The Trump Files: Donald Has One Piece of Advice for Citizen Kane

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This post was originally published as part of “The Trump Files“—a collection of telling episodes, strange but true stories, and curious scenes from the life of our current president—on August 12, 2016.

Donald Trump’s favorite movie is Citizen Kane, the 1941 film about a publishing tycoon mogul who surrounds himself with material luxury but struggles to find happiness. “I loved Orson Welles,” Trump told Bloomberg’s Timothy O’Brien. “He was totally fucked up. He was a total mess. But think of his wives. Think of his hits. He was like this great genius that after 26, never did it. He became totally impossible. He thought everybody was a moron, everybody was this, everybody was that; if he had a budget he’d exceed it by 20 times and destroy everything. He became impossible. I loved that.”

In fact, Trump was such a big fan of the movie that he filmed a short video about it, directed by famed documentarian Errol Morris. “Citizen Kane was really about accumulation. At the end of the accumulation, you see what happens, and it’s not necessarily all positive,” Trump says, in what is fair to describe as an understatement. As he describes the film, Trump comes close to doing something unusual—he engages in self-reflection. “Perhaps I can understand that—the relationship that he had was not a good one for him,” the thrice-married Trump says of Kane’s declining relationship with his wife. He adds that “in real life, I believe that wealth does isolate you from others; it’s a protective mechanism.”

He muses briefly about Kane’s famous last word, “Rosebud.” “A lot of people don’t really understand the significance of it. I’m not sure if anyone really understands the significance,” Trump says, before remarking on the effectiveness of the word as a symbol. “Perhaps if they came up with another word that meant the same thing, it wouldn’t have worked,” he says. “But Rosebud works.”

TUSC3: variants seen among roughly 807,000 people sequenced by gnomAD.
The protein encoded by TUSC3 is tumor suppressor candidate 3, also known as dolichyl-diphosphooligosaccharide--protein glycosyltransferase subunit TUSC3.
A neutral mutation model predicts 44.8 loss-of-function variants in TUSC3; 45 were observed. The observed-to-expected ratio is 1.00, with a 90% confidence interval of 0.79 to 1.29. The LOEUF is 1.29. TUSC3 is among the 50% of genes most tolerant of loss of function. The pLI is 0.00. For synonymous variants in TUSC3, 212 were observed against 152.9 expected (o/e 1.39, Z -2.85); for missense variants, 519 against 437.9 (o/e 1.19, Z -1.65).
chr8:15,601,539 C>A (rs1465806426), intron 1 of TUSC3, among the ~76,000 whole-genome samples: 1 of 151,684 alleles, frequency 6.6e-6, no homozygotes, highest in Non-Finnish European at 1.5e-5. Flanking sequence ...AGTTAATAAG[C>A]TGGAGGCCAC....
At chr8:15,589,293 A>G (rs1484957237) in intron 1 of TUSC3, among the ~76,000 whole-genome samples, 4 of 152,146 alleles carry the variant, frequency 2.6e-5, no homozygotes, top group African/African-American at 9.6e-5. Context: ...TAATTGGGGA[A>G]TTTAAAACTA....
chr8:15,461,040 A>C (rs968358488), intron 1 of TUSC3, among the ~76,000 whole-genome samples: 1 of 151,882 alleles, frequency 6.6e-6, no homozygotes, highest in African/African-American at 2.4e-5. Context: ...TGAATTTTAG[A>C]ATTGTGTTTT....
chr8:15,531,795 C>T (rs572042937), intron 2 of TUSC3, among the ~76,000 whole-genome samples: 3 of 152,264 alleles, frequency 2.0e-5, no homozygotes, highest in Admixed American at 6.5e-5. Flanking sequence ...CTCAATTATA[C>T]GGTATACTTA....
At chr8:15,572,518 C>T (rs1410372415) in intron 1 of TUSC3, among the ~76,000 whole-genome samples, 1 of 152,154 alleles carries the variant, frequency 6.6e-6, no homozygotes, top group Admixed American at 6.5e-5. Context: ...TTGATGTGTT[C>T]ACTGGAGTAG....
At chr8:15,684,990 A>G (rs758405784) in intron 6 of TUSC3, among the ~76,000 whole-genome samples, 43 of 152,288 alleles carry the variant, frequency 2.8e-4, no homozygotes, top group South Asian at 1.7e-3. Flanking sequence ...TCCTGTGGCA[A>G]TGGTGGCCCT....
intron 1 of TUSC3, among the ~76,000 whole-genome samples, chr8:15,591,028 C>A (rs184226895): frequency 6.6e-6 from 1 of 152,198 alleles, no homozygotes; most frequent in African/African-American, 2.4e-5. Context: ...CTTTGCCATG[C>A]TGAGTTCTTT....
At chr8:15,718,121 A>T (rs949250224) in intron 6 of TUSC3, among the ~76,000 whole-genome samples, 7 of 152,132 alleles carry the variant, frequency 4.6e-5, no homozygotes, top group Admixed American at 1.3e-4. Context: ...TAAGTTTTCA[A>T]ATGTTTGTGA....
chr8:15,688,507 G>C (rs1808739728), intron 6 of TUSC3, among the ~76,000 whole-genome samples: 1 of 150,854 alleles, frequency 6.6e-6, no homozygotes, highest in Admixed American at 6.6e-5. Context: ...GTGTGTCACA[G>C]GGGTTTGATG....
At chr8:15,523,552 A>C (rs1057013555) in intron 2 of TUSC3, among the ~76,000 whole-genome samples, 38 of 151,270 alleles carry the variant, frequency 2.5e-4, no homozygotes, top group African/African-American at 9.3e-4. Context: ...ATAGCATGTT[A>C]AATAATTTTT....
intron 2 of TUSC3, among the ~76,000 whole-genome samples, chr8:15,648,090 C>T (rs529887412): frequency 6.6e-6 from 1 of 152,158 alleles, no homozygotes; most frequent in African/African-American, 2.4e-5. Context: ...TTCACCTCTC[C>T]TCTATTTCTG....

At the end of the video, Morris asks him a question: “If you could give Charles Foster Kane advice, what would you say to him?”

Trump doesn’t have to think about it. “Get yourself a different woman,” he says.

SIX TRUTHS

Reclaiming power from those who abuse it often starts with telling the truth. And in "This Is How Authoritarians Get Defeated," MoJo's Monika Bauerlein unpacks six truths to remember during the homestretch of an election where democracy, truth, and decency are on the line.

Truth #1: The chaos is the point.

Truth #2: Team Reality is bigger than it seems.

Truth #3: Facebook owns this.

Truth #4: When we go to work, we're in the fight.

Truth #5: It's about minority rule.

Truth #6: The only thing that can save us is…us.

Please take a moment to see how all these truths add up, because what happens in the weeks and months ahead will reverberate for at least a generation and we better be prepared.

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SIX TRUTHS

Reclaiming power from those who abuse it often starts with telling the truth. And in "This Is How Authoritarians Get Defeated," MoJo's Monika Bauerlein unpacks six truths to remember during the homestretch of an election where democracy, truth, and decency are on the line.

Truth #1: The chaos is the point.

Truth #2: Team Reality is bigger than it seems.

Truth #3: Facebook owns this.

Truth #4: When we go to work, we're in the fight.

Truth #5: It's about minority rule.

Truth #6: The only thing that can save us is…us.

Please take a moment to see how all these truths add up, because what happens in the weeks and months ahead will reverberate for at least a generation and we better be prepared.

And if you think journalism like Mother Jones'—that calls it like it is, that will never acquiesce to power, that looks where others don't—can help guide us through this historic, high-stakes moment, and you're able to right now, please help us reach our $350,000 goal by October 31 with a donation today. It's all hands on deck for democracy.

payment methods

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